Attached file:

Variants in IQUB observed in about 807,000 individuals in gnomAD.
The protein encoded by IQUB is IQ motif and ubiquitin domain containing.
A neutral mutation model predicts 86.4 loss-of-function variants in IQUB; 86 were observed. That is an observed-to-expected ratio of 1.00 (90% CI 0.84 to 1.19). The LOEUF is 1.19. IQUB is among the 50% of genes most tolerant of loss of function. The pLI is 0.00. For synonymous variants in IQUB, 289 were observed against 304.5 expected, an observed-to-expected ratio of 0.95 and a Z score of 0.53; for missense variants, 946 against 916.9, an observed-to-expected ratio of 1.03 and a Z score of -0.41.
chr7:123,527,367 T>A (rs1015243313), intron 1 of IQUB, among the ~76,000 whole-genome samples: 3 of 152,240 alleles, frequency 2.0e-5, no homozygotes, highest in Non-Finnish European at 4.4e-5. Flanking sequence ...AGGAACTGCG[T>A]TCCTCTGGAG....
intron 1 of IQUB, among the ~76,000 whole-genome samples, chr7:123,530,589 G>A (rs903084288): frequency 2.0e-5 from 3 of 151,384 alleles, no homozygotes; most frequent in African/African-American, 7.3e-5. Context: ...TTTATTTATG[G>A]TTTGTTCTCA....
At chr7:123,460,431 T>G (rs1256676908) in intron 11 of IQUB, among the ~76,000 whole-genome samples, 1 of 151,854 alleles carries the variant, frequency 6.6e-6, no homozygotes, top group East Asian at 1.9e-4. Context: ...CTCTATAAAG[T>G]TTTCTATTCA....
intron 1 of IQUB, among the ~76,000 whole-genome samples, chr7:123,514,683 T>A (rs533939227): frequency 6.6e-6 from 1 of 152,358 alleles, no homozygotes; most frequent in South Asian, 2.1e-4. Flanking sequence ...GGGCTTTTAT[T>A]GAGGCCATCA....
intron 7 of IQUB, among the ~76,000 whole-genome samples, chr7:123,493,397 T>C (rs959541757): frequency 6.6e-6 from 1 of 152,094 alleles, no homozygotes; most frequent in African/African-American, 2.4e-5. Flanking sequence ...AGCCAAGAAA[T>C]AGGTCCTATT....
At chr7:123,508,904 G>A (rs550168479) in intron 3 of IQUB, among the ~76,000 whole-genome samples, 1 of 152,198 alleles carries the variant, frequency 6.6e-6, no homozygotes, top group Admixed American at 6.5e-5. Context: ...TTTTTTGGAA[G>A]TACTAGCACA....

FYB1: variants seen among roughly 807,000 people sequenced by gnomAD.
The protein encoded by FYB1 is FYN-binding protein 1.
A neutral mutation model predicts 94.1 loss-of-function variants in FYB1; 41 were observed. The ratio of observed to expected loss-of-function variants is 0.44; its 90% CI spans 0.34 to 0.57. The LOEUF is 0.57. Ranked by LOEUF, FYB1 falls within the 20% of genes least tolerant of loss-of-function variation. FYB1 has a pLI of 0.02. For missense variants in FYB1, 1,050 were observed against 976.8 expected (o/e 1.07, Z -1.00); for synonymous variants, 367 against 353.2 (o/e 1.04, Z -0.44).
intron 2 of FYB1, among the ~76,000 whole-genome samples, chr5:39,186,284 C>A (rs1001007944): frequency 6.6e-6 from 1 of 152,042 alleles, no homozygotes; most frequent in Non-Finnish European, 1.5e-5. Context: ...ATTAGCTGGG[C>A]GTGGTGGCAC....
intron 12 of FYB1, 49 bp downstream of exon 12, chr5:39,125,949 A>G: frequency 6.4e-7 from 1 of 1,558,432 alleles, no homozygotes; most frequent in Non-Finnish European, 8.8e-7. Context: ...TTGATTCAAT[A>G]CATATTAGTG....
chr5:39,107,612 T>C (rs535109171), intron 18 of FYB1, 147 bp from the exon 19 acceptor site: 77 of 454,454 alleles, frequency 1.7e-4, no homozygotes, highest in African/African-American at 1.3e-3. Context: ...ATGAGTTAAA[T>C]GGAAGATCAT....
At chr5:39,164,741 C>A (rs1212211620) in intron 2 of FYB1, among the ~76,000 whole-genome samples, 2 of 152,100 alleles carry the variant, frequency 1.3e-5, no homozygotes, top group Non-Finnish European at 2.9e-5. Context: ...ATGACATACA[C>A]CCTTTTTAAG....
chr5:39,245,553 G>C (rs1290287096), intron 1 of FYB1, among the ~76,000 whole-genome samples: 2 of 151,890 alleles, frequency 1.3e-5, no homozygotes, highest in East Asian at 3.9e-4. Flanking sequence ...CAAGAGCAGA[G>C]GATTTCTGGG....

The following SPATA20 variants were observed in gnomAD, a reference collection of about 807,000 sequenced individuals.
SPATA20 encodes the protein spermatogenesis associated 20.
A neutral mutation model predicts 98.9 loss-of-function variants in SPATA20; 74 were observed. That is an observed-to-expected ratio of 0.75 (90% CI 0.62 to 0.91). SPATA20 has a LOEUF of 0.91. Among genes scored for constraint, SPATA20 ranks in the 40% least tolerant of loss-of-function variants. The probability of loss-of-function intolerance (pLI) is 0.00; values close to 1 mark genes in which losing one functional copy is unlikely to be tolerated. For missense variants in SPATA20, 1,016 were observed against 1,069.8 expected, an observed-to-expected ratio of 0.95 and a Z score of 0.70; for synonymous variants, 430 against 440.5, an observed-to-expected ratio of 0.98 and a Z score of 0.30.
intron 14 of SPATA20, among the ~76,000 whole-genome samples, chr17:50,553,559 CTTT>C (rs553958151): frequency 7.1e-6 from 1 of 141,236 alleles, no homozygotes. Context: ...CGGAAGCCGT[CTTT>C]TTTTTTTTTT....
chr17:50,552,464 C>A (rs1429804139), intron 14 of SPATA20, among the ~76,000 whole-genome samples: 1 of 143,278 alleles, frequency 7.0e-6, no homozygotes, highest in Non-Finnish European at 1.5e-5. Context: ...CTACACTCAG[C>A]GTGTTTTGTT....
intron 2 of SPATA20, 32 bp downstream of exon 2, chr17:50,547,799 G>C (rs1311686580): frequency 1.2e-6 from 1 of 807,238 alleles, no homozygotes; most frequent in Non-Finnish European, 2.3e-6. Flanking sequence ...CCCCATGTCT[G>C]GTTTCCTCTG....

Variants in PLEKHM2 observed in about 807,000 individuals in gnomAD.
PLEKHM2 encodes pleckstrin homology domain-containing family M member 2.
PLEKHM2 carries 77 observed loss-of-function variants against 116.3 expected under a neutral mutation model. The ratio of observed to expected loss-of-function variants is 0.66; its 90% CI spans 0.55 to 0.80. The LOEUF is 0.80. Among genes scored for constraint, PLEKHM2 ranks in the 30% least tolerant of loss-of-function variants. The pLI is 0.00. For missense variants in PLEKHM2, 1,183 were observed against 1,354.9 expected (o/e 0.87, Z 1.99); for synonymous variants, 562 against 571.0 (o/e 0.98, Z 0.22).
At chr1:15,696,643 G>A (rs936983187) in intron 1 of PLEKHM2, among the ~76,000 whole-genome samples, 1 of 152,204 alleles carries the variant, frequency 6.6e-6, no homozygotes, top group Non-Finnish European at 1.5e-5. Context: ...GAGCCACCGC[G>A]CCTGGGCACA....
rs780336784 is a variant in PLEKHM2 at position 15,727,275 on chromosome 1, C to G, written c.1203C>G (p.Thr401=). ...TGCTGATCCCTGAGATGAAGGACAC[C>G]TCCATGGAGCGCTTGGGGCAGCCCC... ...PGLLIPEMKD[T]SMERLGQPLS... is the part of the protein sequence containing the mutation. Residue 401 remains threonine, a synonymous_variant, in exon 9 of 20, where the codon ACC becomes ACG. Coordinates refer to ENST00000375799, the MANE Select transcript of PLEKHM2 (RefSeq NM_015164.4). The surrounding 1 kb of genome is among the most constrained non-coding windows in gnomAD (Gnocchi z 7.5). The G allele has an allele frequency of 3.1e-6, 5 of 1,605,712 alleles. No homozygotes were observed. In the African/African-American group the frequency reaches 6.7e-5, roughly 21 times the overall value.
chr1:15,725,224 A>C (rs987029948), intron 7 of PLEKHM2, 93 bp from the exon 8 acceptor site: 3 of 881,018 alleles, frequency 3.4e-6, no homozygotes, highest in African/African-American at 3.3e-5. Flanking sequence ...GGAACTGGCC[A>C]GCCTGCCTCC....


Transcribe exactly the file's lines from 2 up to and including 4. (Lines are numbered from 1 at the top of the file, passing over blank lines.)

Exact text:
The protein encoded by IQUB is IQ motif and ubiquitin domain containing.
A neutral mutation model predicts 86.4 loss-of-function variants in IQUB; 86 were observed. That is an observed-to-expected ratio of 1.00 (90% CI 0.84 to 1.19). The LOEUF is 1.19. IQUB is among the 50% of genes most tolerant of loss of function. The pLI is 0.00. For synonymous variants in IQUB, 289 were observed against 304.5 expected, an observed-to-expected ratio of 0.95 and a Z score of 0.53; for missense variants, 946 against 916.9, an observed-to-expected ratio of 1.03 and a Z score of -0.41.
chr7:123,527,367 T>A (rs1015243313), intron 1 of IQUB, among the ~76,000 whole-genome samples: 3 of 152,240 alleles, frequency 2.0e-5, no homozygotes, highest in Non-Finnish European at 4.4e-5. Flanking sequence ...AGGAACTGCG[T>A]TCCTCTGGAG....